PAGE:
In a sad note, motocross racer, inventor and entrepeneur Eyvind Boyesen passed away last night. Eyvind was to be inducted into the AMA Hall of Fame this Friday night in Las Vegas.
Here are the highlights of Boyesen’s long and illustrious career from the AMA Hall of Fame site.
Eyvind Boyesen is one of the most accomplished two-stroke engine tuners in motorsports. Boyesen, whose skills in the garage translated into success in the marketplace, came of age in an era of great innovation in offroad motorcycle racing. His products, used for decades by both regular riders and national champions, remain popular today.
Although Boyesen Engineering has long since branched into other areas of innovation, offroad racers in the 1970s through the 1990s are most familiar with Boyesen products through marketing of the company’s aftermarket performance reeds for two-stroke engines. Boyesen’s reeds set the standard as one of the leading aftermarket replacement parts of the two-stroke era, and often were one of the first modifications a racer made to a new machine.
Douglas Strange, chair of the AMA Motorcycle Hall of Fame Ambassadors & Industry committee and an honorary member of the Antique Motorcycle Club of America, sums up the reputation that Boyesen’s reeds had in the marketplace: “It was like a magic elixir that would put your bike on the box. Boyesen Engineering’s reputation continued to grow as his business expanded, and every racer’s toolbox had a Boyesen sticker on the lid. Now, nearly 40 years later, I’m still impressed with Eyvind Boyesen’s commitment to the sport and industry, and his insight to solve problems and bring these new products to the marketplace.”
Eyvind in 1972.
Born in Norway, Boyesen grew up in the wake of World War II. The financial hardships that were hitting Europe shaped all aspects of life in the post-war era, including transportation. With fuel scarce, motorcycles were popular modes of transportation, and Boyesen developed an early attraction to them. Although Boyesen’s career soon followed a non-motorcycling path ? high school and college in the United States, then a brief stint back in Norway before marriage returned him to America ? he soon was drawn back to motorcycles on a professional level. But that wasn’t before a stint in another profession that prepared him well for two-wheeled motorsports: rocket science. Boyesen worked as an engineer for a company involved in developing space technology for NASA. That assignment, however, proved to be a brief period in a career that ultimately would redefine two-stroke engine performance for a generation of motocross and off-road racers.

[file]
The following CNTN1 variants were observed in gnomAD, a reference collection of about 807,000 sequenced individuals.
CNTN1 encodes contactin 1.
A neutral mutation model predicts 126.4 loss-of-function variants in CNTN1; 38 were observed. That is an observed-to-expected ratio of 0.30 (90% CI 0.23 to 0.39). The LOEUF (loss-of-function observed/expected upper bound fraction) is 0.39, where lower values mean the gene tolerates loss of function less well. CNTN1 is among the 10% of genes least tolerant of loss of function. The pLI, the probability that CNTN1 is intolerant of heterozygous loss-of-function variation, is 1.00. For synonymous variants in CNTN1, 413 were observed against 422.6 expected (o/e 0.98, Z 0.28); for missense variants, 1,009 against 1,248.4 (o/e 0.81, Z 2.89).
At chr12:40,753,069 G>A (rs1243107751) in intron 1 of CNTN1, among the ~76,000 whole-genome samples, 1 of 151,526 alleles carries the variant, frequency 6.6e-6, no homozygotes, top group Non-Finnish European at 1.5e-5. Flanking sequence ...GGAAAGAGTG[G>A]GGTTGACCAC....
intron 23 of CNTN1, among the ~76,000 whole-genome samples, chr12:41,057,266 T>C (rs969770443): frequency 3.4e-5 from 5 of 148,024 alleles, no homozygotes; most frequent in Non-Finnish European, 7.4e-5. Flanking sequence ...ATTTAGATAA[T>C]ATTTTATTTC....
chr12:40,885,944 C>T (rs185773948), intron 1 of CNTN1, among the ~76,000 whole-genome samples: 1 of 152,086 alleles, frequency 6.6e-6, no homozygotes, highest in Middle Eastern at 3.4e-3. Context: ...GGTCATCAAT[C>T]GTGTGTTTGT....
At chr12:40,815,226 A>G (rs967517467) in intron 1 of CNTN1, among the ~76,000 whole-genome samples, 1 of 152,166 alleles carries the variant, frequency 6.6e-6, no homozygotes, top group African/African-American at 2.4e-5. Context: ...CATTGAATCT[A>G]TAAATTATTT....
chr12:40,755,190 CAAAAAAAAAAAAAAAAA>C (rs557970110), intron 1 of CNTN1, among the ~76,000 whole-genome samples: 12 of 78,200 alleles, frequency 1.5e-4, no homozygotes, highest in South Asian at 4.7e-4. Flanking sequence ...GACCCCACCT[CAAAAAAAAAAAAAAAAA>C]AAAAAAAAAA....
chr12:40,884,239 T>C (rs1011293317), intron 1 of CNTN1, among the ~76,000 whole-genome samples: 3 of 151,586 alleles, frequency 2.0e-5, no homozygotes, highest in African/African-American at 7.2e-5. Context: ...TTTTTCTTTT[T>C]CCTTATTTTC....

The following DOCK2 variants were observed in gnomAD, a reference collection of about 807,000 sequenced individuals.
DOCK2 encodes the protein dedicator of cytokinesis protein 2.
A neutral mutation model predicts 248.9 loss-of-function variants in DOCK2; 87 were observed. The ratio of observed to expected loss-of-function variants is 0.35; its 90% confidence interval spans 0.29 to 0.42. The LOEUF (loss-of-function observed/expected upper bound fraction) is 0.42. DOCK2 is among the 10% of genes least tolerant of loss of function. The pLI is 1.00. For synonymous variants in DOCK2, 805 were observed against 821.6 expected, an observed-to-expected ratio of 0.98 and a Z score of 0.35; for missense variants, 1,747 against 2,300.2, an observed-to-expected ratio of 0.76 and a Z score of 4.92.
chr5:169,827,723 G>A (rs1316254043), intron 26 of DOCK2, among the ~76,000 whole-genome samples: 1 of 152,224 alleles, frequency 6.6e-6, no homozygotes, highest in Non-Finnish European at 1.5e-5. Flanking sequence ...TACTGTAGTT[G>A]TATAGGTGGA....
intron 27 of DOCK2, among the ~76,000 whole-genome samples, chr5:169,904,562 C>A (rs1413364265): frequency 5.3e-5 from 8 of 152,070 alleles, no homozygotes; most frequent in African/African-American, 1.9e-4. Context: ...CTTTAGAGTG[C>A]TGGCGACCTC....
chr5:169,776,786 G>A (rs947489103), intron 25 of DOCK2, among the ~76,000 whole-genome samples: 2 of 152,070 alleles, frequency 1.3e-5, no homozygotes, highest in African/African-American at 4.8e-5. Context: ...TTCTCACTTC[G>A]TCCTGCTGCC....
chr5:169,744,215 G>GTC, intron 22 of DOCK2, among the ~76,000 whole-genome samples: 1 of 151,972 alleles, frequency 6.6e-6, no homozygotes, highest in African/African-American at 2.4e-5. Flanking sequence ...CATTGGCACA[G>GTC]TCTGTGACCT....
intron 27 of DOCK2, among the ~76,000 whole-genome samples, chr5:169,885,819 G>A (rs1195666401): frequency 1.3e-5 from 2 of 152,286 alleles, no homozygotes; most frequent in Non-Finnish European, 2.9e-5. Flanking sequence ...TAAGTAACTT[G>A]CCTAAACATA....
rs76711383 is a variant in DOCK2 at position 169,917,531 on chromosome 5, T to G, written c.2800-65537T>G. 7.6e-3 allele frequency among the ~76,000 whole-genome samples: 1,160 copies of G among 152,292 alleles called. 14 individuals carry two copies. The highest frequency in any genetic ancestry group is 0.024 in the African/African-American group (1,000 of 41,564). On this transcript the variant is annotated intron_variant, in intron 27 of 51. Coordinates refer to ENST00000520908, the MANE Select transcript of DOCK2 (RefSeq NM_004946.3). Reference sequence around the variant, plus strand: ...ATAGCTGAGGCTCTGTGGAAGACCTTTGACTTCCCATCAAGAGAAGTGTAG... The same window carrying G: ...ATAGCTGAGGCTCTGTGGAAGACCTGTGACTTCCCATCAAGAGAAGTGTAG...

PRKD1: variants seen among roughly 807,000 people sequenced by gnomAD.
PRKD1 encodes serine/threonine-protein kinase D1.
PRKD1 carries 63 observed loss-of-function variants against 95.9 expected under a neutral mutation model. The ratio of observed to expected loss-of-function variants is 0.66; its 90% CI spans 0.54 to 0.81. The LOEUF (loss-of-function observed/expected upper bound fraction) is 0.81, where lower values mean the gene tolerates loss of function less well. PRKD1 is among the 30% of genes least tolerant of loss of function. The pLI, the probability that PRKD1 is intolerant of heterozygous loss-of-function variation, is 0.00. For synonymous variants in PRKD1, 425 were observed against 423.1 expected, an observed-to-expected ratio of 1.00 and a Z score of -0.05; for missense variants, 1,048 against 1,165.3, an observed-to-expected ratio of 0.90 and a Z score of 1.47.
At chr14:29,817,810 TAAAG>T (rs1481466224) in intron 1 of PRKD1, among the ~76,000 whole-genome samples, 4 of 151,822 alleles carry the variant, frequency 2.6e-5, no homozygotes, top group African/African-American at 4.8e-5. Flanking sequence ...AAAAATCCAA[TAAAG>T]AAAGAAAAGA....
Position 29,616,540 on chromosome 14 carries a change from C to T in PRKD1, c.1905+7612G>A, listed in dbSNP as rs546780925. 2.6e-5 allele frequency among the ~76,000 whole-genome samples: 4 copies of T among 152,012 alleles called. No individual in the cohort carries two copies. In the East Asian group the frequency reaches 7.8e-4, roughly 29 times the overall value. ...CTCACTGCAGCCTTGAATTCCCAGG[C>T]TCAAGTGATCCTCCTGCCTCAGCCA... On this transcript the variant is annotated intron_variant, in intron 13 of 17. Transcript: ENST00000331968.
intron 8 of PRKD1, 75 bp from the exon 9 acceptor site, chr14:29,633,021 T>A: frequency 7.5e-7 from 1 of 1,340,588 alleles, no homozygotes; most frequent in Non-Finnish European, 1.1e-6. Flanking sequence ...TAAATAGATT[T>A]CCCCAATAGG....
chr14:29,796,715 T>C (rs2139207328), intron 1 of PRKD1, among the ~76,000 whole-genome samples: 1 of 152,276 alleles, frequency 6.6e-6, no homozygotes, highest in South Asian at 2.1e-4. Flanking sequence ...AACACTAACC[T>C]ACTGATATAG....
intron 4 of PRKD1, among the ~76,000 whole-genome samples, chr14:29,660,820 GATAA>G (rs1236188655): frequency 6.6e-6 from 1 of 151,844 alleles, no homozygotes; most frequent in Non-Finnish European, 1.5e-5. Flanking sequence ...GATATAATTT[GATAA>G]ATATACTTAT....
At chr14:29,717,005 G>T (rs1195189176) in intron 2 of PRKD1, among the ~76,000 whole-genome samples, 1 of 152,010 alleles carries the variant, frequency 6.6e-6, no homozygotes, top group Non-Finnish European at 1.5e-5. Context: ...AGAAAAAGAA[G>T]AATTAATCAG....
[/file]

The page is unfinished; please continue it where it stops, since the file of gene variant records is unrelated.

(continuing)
With space exploration waning, Boyesen was well-equipped to make the shift to motorcycles. In 1972, after years of experience applying his knowledge to his personal motorcycles, Boyesen founded Boyesen Engineering in Lenhartsville, Pa., and began establishing a worldwide reputation as a two-stroke engine expert.
The Boyesen RAD Valve.
Over the years, in addition to his reed-valve innovations, Boyesen became known for a special porting technique that has been used in motorcycle, snowmobile and watercraft two-stroke engines. He also has refined methods of water pump design and developed enhanced accelerator pump operation used in four-stroke carburetion. Boyesen holds more than 40 patents for the aftermarket motorcycle industry, and his company continues to thrive today.
Like others in the racing industry, Boyesen didn’t just sell his products to racers, he also supported them, giving back to the sport by helping many riders rise through the ranks. With factories such as Kawasaki and Yamaha integrating Boyesen’s technology into their production bikes, the list of riders who have fielded Boyesen technology is enormous. Racers such as John Dowd and Motorcycle Hall of Famer Bob Hannah were among those who relied on Boyesen’s technology to win Grand Prix and National-level events.
Boyesen is more than just a long-time tuner, product innovator and sponsor. He’s also an enthusiast. In 2002, he won the Over-60 World Motocross Championship in the Over 60 class. In 2004, he was runner-up at the World Vet Motocross Championships at Glen Helen Raceway in San Bernardino, Calif.
“To be honest I was rather surprised at hearing the news of the induction,” Boyesen said back in June when his nomination was announced. “I immediately thought, ?who would have nominated me?’ I will say that my career has been balanced by my ability to do what I truly love. To this day I will always remember the first time I saw a motorcycle. It was magical. As many that have achieved any level of success,big or small, I am very fortunate to be able to contribute to this sport and industry.”